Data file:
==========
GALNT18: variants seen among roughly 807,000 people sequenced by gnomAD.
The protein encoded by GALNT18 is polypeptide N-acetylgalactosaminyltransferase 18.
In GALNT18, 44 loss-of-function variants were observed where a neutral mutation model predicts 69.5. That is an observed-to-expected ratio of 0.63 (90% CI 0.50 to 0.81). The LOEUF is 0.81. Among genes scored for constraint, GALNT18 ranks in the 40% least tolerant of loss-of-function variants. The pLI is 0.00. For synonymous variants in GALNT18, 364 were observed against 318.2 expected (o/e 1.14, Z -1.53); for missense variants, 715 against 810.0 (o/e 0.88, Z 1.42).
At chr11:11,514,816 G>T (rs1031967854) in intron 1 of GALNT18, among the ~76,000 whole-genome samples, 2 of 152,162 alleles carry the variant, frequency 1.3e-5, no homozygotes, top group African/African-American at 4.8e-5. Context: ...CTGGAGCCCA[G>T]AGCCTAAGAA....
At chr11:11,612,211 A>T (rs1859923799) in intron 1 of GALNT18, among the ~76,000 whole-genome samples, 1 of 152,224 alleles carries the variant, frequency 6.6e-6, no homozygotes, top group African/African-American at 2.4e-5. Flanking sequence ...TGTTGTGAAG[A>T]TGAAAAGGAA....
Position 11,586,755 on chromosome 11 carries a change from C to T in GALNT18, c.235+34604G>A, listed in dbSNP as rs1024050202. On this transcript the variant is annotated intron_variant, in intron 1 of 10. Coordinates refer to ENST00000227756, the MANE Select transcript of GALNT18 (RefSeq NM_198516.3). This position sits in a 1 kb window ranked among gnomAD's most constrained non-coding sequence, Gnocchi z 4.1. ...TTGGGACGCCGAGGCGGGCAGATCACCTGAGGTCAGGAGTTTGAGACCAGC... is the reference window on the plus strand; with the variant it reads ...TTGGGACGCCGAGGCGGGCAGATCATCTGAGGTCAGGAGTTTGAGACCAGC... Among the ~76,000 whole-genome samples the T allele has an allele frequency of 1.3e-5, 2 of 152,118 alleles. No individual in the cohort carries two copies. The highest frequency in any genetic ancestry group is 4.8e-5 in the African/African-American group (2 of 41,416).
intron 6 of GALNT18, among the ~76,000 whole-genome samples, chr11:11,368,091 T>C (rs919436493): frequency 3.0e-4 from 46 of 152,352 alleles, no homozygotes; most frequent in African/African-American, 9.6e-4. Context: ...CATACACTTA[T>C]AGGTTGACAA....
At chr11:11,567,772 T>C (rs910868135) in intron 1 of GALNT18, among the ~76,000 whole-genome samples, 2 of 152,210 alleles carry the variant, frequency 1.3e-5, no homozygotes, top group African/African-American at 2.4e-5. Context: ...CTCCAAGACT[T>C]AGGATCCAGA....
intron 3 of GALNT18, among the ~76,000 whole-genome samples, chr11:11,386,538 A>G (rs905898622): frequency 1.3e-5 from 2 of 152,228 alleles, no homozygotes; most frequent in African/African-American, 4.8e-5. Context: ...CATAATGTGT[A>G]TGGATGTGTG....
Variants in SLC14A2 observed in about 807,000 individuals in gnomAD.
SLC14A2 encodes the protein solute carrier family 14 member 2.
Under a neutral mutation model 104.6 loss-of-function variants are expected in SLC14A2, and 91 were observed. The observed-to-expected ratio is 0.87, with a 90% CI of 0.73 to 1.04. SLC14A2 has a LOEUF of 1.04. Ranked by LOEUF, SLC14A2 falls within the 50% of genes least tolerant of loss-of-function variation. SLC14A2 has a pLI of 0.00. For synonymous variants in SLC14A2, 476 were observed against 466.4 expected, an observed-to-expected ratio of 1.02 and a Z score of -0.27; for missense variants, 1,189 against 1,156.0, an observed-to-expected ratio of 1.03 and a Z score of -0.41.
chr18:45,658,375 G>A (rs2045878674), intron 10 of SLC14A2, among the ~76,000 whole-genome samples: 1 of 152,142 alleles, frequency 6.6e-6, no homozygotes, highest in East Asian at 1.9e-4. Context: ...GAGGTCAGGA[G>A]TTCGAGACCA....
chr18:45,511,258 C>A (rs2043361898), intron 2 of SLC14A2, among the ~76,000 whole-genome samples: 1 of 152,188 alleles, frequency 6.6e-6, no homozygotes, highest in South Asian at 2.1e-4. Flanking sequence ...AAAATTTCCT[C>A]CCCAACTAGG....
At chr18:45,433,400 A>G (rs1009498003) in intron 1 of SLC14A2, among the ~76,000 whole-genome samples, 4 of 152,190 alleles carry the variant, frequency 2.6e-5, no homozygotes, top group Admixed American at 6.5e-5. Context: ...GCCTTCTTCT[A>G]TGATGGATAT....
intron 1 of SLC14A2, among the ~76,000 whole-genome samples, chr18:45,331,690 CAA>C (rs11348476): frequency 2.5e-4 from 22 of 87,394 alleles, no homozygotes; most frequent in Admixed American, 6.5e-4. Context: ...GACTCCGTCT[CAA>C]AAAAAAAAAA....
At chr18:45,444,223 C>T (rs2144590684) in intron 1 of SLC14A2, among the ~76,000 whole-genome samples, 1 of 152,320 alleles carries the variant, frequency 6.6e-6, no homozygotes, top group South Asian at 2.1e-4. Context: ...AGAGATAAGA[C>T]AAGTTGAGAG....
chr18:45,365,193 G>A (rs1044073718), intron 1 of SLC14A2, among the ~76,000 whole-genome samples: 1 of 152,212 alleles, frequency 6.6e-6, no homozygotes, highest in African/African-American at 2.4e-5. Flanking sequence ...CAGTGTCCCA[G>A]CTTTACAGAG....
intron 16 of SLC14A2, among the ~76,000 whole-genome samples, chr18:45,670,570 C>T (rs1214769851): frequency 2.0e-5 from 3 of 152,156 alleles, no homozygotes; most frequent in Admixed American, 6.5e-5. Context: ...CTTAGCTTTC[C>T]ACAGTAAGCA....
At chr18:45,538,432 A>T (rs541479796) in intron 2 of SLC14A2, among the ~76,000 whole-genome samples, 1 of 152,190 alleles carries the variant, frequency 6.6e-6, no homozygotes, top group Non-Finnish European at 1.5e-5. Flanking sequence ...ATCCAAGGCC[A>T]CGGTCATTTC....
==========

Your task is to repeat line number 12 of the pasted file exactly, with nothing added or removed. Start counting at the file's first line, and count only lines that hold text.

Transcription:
Under a neutral mutation model 104.6 loss-of-function variants are expected in SLC14A2, and 91 were observed. The observed-to-expected ratio is 0.87, with a 90% CI of 0.73 to 1.04. SLC14A2 has a LOEUF of 1.04. Ranked by LOEUF, SLC14A2 falls within the 50% of genes least tolerant of loss-of-function variation. SLC14A2 has a pLI of 0.00. For synonymous variants in SLC14A2, 476 were observed against 466.4 expected, an observed-to-expected ratio of 1.02 and a Z score of -0.27; for missense variants, 1,189 against 1,156.0, an observed-to-expected ratio of 1.03 and a Z score of -0.41.